OK, it really has been too long. Time for some new content methinks. And what better way to get on the review train than by having a look at a Takashi Miike movie from a couple of years ago. It’s fairly redundant to say they guy is prolific, although not all his films make their way to the West. This one is yet another Manga adaptation of a Manga I have never read. But clearly that hasn’t stopped me before, so without further waffle, let’s move on.
In “The Mole Song: Undercover Agent Reiji” our titular hero Reiji (Tôma Ikuta) is introduced as a committed albeit fairly hopeless Policeman. His attempt to arrest a local dignitary for an act of sleaze is the final straw, and he is fired. Except, it turns out his superiors have a secret plan for Reiji, to get him to become a mole in the local Yakuza organisation. After a break-neck initiation into the world of being an undercover agent (in which he is strapped naked to the bonnet of a car, asked to kill a fellow agent and learn the special song), be starts his process of ingratiation. He befriends Papillion (Shinichi Tsutsumi), the butterfly obsessed number 2, who is impressed by Reiji’s sheer brass, and they bond over the fact they both hate drugs. His mission is further complicated by the suspicions of the son of the mob’s leader (Takayuki Yamada) and Nekozawa (Takashi Okamura) the cat-crazy leader of another clan. Oh, and he somehow has to balance this while trying to lose his virginity to the unknowing Policewoman Junna (Riisa Naaka).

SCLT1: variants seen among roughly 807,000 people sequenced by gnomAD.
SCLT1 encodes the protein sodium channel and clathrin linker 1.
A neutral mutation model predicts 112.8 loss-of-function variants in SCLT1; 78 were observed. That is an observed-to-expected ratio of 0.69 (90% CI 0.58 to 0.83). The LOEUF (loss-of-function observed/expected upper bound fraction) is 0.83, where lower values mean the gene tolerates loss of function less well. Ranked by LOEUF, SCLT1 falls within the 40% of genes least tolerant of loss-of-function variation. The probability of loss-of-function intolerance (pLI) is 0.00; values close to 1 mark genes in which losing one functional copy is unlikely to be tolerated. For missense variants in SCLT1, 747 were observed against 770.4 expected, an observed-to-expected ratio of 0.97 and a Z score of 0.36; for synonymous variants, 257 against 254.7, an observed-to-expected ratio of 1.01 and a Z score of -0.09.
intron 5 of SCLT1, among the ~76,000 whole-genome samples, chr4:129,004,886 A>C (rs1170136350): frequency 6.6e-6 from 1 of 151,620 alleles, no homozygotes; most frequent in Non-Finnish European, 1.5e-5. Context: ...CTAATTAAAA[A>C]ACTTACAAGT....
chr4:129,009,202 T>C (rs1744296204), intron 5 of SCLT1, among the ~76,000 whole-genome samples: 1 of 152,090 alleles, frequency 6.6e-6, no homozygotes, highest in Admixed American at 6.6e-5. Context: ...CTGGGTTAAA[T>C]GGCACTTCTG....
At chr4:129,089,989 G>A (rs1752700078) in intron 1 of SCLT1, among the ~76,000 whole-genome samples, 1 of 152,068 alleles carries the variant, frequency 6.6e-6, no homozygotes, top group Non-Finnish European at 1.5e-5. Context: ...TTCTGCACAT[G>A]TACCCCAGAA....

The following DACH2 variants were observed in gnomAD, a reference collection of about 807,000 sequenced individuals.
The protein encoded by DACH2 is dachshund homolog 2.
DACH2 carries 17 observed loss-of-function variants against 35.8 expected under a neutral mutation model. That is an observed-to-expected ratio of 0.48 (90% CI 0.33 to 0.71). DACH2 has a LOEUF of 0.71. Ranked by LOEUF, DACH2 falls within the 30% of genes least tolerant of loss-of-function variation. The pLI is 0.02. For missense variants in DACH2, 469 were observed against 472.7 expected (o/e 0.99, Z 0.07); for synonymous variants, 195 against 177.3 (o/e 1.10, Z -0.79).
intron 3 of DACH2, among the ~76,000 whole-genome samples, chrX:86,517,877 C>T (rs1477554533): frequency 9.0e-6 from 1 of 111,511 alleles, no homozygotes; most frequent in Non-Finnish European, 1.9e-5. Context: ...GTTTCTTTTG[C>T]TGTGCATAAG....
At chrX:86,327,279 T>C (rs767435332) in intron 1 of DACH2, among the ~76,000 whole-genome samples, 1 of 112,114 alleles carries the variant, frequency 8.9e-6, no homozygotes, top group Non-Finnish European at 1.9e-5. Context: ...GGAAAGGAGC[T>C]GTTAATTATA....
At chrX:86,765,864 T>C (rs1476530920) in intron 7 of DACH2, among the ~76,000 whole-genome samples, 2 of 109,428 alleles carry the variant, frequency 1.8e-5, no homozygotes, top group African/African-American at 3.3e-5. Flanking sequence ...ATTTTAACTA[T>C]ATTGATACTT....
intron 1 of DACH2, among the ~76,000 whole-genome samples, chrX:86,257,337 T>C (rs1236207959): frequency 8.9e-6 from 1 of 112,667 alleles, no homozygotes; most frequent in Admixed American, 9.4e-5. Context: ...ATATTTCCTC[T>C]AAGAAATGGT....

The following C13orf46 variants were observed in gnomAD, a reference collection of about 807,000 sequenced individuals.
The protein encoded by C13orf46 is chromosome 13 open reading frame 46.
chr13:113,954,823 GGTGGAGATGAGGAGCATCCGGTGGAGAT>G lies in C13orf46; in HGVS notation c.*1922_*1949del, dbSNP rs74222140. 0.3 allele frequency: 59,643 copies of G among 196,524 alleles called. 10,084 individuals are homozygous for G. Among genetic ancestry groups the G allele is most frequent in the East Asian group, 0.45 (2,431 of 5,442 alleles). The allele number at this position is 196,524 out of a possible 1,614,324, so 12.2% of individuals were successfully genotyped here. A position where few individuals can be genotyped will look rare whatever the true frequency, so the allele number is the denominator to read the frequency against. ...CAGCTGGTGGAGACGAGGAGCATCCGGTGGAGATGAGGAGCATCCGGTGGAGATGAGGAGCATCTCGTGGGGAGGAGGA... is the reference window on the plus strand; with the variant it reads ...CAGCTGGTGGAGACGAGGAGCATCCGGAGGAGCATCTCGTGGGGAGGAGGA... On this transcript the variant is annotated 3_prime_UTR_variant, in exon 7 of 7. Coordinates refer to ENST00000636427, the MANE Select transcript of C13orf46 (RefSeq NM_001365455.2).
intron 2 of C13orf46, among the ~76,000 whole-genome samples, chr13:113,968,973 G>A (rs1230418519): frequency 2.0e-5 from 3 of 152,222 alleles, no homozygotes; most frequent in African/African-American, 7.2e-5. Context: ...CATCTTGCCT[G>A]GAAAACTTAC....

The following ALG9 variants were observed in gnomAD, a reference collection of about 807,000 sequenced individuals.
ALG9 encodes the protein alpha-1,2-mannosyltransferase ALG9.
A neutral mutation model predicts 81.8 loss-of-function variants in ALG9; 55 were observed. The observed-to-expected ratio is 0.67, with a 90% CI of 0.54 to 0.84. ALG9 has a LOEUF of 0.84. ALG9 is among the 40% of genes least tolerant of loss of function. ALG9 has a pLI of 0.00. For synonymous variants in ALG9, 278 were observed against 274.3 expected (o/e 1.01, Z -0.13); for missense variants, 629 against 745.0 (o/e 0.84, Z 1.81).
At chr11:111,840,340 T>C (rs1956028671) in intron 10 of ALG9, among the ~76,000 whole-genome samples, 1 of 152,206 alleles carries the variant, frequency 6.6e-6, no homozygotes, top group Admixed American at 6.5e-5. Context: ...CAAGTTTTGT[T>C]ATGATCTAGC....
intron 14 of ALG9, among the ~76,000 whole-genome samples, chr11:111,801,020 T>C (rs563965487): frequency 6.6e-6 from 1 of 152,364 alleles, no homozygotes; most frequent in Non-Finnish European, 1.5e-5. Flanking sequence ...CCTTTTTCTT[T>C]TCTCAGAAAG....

This one is a crazy, technicolor, noisy ride. MIkke really has a skill at bringing the unlikely source material to life. It is a comedy, and it’s fun to see the director play around with the Gangster/Yakuza tropes that he used to have so much fun with much earlier in his career. What is more impressive is that whilst it still clocks in at around 2 hours, this is the first film by Miike I have not thought could do with being trimmed by at least 20 minutes for a long long time. This is because there is a decent story to go along with the crazy antics, and it really feels like there is a beginning, a middle and an end.
You however will have to get past the gurning overacting of Tôma Ikuta to get the most from this one though. He is playing the lead role in a very over-the-top way, which I know will be a complete turn off for some western viewers. And you might feel the same way about Takashi Okamura’s cat-themed aggressor. But switch your mind to pantomime mode, and I think most of the audience will cope just fine.
On the other hand, Shinichi Tsutsumi plays his part fairly straight, with what I would call a knowing gravitas. It matches his character rather well, and means that when something fairly awful happens to him late on in the film you actually give a damn. Only Riisa Naaka appears clearly lacking in things to do, although she does get a rather humorous sex scene, and she has a natural charm.
The film is like a big neon lit cartoon for the most part, with the humour being mostly in the realms of slapstick. The fights are fun, and frankly you should not take things too seriously. But I challenge you not to enjoy moments such as Reiji’s initiation, his agonising virginty-popping moment, or the over the top moments of Yakuza bravado.
On the other hand, the film does manage to tug on the heartstrings when the bromance between Papillon and Reiji causes one to get badly hurt, and the sequence poking fun at the Yakuza graduation ceremony is side-slitting in a much more measured way (although Tôma Ikuta is still hamming it up!!).
At the end of the day, this is probably not a film that will get on any best-of-Miike lists – it isn’t terribly extreme, and it is fairly light fare. It also would not really work as a gateway film to a new audience. The humour is fairly broad, and the nature of the acting would probably put off the neophyte. But I totally adored it. It made me laugh and I was not looking at my watch waiting for it to end. I am going to give it a Highly Recommended.